Friday, February 19, 2010

FEC Receives $5 Million Grant for Health Care Jobs

U.S. Congressman Emanuel Cleaver (left), and FEC President and CEO Clyde McQueen (right) held a news conference last Friday announcing a major grant of nearly 5 million dollars coming to the metro. The two shook hands after announcing this will add more jobs and training in the healthcare field for the metro. (Picture from KC Hispanic News)

Reprinted from KC Hispanic News

By Joe Arce and Debra DeCoster
FEBRUARY 18, 2010

Health care is a profession that is growing. As the population ages, predictions are that our society will need a large staff of health care workers to assist people who are living in managed care facilities, nursing homes, or who are in hospital. As the senior population grows, our society will have to have a growing workforce to care for their needs.

Last week, the federal government awarded a grant to the Kansas City Full Employment Council (FEC) to train the unemployed and under-employed for jobs in the health care field. “I was on the phone with Secretary of Labor Hilda Solis and she was very excited about making the announcement that a significant grant was coming to Kansas City,” said Congressman Emanuel Cleaver.

The FEC was awarded $5 million in stimulus money for a new program to train individuals in the health care industry. The FEC received one of 55 awards that were given nationally. “It was awarded competitively which means that the proposal developed by Clyde McQueen and his staff was superior to just about every other proposal in the country, and when you look at the proposal that was developed and the inclusiveness you can understand why it caught the attention of the federal government,” said Cleaver.

The grant is part of the Recovery Act Initiative to fund workplace development projects that promote economic growth by preparing workers for careers.

Although the FEC received the grant it is a bi-state program that will be available to those in Missouri and Kansas. The Labor Department awarded $200 million in health care and high growth stimulus grants last week.

The stimulus money is good news to citizens in Missouri as the FEC is beginning to take names of people who are interested in enrolling in the training program for future health care professionals.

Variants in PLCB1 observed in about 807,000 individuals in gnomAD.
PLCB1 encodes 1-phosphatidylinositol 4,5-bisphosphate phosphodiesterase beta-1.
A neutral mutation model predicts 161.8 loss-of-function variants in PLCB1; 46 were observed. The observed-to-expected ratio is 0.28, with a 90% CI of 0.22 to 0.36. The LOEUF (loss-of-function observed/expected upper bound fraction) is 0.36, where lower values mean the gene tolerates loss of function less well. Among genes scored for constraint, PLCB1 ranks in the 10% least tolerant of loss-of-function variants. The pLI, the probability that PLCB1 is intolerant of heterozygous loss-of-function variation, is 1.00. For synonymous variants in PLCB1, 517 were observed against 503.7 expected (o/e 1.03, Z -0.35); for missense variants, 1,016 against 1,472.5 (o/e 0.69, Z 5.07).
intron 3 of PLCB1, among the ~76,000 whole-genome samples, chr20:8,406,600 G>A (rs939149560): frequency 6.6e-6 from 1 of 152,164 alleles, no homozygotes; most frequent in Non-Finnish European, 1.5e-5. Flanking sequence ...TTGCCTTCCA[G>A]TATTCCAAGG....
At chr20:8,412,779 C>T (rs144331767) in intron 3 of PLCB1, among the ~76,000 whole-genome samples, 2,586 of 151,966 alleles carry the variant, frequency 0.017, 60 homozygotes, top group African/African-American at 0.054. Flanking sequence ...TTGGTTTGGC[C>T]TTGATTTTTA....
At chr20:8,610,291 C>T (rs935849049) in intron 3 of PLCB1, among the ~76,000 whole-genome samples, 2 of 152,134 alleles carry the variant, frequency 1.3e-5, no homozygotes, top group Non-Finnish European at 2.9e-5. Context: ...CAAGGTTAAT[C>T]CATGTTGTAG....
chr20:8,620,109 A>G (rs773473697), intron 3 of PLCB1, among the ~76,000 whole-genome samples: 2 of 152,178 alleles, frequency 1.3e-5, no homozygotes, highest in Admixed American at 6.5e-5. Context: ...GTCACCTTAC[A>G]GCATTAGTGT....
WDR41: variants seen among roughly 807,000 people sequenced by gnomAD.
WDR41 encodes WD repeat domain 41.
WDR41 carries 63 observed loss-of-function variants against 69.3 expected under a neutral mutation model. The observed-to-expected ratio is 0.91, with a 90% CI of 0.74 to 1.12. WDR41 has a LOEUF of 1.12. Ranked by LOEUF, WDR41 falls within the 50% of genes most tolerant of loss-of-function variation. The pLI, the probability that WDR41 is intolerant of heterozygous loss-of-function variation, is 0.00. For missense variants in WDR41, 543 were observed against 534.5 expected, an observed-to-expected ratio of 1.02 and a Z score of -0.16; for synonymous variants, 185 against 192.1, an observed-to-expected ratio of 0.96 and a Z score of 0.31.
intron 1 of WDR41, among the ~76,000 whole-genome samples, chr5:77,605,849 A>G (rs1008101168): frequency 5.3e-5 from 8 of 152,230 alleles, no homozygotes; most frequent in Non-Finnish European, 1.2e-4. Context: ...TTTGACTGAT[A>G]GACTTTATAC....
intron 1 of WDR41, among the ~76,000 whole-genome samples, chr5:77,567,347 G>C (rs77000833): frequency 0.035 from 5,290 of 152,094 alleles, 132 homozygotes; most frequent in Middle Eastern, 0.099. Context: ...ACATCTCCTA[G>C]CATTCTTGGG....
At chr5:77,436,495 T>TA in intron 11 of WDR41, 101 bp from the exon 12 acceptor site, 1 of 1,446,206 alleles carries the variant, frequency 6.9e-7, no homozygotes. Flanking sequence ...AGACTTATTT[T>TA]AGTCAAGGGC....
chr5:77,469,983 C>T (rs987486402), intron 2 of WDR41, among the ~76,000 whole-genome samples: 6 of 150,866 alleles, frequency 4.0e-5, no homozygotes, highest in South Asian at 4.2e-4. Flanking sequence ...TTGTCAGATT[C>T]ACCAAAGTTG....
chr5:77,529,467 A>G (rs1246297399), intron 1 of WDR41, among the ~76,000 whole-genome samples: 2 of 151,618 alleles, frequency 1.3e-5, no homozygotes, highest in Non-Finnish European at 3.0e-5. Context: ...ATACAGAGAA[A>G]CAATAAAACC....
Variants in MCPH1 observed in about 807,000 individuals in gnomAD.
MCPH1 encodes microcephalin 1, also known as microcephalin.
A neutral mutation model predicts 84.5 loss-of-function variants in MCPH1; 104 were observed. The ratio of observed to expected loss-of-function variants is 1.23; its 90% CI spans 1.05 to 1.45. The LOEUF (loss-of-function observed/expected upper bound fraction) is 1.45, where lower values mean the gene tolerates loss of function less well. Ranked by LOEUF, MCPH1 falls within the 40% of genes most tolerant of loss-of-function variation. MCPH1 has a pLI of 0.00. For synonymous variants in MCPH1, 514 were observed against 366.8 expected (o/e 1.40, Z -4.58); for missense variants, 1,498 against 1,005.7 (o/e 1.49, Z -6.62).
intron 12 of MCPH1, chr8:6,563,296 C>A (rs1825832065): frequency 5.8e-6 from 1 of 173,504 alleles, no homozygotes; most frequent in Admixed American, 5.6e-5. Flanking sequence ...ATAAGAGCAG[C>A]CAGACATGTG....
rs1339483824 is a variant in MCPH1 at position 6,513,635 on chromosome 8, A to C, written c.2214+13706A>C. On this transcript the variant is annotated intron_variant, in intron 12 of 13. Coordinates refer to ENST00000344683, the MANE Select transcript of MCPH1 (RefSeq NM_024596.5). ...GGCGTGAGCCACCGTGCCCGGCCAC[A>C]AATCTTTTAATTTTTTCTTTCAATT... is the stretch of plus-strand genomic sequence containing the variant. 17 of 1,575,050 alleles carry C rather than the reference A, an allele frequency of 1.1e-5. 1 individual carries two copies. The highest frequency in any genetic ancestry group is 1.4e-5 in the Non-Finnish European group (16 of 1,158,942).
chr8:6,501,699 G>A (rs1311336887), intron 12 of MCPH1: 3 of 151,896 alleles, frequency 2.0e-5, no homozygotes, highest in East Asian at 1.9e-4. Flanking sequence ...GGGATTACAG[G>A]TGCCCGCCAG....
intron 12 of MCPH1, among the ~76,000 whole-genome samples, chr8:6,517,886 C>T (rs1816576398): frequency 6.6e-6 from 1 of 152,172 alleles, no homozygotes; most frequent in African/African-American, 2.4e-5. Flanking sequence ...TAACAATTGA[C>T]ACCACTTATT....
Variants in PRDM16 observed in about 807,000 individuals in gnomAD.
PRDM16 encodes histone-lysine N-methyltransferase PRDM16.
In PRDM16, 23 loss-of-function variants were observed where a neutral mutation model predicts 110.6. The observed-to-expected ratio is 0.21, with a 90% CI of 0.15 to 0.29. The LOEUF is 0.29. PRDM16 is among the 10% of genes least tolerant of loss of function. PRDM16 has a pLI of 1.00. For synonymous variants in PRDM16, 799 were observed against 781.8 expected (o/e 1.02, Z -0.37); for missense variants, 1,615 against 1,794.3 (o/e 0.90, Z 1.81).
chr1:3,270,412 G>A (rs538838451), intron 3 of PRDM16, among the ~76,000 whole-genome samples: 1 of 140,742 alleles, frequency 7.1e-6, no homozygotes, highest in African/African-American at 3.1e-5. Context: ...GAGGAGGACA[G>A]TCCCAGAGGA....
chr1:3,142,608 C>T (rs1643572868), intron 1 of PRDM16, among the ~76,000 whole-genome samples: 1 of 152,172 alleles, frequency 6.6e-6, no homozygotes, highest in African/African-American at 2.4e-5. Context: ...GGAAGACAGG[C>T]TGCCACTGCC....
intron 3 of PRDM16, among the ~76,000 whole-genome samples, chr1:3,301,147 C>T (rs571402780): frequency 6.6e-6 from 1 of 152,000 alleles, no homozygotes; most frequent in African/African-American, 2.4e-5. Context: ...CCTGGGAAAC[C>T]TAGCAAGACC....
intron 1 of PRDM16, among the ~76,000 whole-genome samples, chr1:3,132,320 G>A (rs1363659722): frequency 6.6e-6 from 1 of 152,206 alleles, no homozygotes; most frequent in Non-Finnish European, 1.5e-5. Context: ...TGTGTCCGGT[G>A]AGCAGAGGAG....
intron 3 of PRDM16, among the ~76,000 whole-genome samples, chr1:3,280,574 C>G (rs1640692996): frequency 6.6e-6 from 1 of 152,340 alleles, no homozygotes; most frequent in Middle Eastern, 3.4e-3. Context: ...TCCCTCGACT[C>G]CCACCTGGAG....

“We have a lot of people who are aging and going into managed care facilities and we are trying to address that. We have the Kansas City region, it is known primarily as a major health care hub and we want to meet those needs, and most important, it is going to be a focus for all the unemployed in our region and this is a way for us to train them for the long term,” said Clyde McQueen, FEC CEO.

The training courses for health care jobs will be on demand courses. Individuals wishing to take the course will not have to wait for a semester to begin.

The time line for the courses will depend on the health care field the individual would like to enter. As a phlebotomist or a medical technician it could take six to twelve weeks for training. A person who is currently an LPN (Licensed Practical Nurse) and would like to become an RN (Registered Nurse) training could take two years.

The stimulus money will also help individuals that want a health care career with tuition. “We know that some people will have problems trying to keep their rent up or trying to figure out how they will pay their bills and care for their children. The bulk of the grant money will go to tuition payments for college or vocational schools,” said McQueen.

“This is a high growth area. What the labor department is doing is pumping $226 million into high growth areas. It doesn’t make sense for us to put money into something that is not going to be growing in the future. As Americans live longer there is going to be a greater need for health care workers and that is exactly what this project will do,” stated Cleaver.

Grant recipients are expected to work in conjunction with a diverse range of partners, including labor organizations, employers and workforce investment boards. The FEC has joined with partners Kansas City Metropolitan Health Care Council, the Kansas City Area Nurse Executives, the Kansas City Greater Chamber of Commerce, Health Care Foundation of Kansas City, the Collegiate Nurse Educators of Kansas City, and the United Services Community Action Agency Work Force and the Work Force Investment Board of Kansas City Local Area 3, along with the metropolitan area community colleges, to get the health care program rolling within a month of receiving the grant. Training will be conducted locally and it is tied to jobs that will be available to individuals entering the health care field.

“We have employers who have said we have jobs and we need to have people to meet the jobs that we have. We have employers identified, we just need to get people trained to enter the health care field,” said McQueen.